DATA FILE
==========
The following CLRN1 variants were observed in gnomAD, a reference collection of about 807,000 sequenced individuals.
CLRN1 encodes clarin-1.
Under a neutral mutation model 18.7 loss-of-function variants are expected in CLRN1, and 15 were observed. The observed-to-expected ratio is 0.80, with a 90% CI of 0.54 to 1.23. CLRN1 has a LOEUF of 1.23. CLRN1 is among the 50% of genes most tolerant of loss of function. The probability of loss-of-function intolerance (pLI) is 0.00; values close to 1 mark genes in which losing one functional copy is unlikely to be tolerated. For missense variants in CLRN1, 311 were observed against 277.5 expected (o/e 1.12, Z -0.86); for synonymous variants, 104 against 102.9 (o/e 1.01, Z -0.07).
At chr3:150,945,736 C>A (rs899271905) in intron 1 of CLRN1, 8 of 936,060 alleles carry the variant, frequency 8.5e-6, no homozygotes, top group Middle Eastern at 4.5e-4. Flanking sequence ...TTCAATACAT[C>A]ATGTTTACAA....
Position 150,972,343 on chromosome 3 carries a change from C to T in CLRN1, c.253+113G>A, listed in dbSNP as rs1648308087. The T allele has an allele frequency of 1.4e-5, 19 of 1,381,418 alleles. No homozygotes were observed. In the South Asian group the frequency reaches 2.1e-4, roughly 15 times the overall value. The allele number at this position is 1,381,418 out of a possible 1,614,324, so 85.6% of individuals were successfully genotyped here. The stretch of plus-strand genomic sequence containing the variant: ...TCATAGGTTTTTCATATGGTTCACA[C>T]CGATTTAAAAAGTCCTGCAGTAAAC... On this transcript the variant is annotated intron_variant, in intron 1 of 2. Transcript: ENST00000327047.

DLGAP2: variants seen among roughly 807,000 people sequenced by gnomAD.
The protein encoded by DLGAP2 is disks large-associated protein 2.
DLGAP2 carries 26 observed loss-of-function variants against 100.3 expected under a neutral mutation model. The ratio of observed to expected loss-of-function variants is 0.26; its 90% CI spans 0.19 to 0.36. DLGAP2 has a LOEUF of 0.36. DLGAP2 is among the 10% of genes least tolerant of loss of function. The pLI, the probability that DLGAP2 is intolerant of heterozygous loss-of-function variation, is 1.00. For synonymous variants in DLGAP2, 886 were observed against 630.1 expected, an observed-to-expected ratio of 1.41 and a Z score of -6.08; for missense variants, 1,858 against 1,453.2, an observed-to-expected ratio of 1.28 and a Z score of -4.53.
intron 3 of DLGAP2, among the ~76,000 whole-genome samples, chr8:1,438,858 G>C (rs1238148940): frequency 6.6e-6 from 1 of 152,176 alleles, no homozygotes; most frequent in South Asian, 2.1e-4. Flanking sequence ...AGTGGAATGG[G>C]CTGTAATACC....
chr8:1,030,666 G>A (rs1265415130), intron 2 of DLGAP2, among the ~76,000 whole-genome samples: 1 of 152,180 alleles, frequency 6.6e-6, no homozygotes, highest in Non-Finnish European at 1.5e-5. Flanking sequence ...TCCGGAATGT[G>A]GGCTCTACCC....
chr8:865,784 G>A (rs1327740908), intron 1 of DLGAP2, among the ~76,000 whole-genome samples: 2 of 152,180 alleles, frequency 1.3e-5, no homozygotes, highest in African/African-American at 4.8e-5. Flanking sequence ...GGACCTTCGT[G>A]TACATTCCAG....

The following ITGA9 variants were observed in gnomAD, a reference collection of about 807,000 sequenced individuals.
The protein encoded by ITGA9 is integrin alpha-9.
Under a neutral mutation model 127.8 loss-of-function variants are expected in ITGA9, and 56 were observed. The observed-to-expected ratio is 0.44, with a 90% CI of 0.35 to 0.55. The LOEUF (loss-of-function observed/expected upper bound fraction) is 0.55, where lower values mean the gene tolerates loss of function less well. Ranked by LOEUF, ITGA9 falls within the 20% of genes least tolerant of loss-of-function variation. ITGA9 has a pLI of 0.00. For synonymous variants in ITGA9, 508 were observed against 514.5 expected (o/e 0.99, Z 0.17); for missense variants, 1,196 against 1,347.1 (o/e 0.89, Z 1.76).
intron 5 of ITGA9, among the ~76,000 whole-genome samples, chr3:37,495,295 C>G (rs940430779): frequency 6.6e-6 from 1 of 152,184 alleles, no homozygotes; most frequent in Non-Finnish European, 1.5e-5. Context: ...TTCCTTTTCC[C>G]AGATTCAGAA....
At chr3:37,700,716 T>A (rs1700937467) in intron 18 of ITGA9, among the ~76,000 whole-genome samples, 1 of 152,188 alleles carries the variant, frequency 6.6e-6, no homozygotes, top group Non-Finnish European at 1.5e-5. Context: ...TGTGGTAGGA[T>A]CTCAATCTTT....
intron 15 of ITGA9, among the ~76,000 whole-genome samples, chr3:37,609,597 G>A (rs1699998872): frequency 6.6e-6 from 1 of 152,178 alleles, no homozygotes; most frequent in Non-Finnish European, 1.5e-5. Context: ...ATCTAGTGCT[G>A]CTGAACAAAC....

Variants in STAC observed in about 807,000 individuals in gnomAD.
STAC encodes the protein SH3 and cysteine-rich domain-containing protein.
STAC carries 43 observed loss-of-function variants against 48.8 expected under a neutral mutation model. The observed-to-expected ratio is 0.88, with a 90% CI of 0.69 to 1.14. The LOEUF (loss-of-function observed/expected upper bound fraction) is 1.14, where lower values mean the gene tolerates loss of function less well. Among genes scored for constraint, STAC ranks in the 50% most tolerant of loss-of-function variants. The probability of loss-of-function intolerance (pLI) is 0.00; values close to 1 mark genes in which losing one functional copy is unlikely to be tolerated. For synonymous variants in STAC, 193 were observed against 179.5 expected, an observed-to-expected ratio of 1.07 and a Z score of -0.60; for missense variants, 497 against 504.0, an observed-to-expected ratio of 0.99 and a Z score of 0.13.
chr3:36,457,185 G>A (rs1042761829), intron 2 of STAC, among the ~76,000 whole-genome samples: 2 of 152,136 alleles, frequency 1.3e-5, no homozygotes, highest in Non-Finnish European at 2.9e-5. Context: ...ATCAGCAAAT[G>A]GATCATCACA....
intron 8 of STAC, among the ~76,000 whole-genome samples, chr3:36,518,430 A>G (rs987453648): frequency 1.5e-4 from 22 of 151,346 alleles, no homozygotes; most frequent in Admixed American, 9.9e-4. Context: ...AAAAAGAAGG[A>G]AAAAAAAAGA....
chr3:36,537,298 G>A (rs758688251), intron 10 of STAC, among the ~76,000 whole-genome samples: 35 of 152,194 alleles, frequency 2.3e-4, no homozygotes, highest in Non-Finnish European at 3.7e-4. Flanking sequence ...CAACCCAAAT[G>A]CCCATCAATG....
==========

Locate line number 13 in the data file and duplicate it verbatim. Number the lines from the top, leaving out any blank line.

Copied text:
The protein encoded by ITGA9 is integrin alpha-9.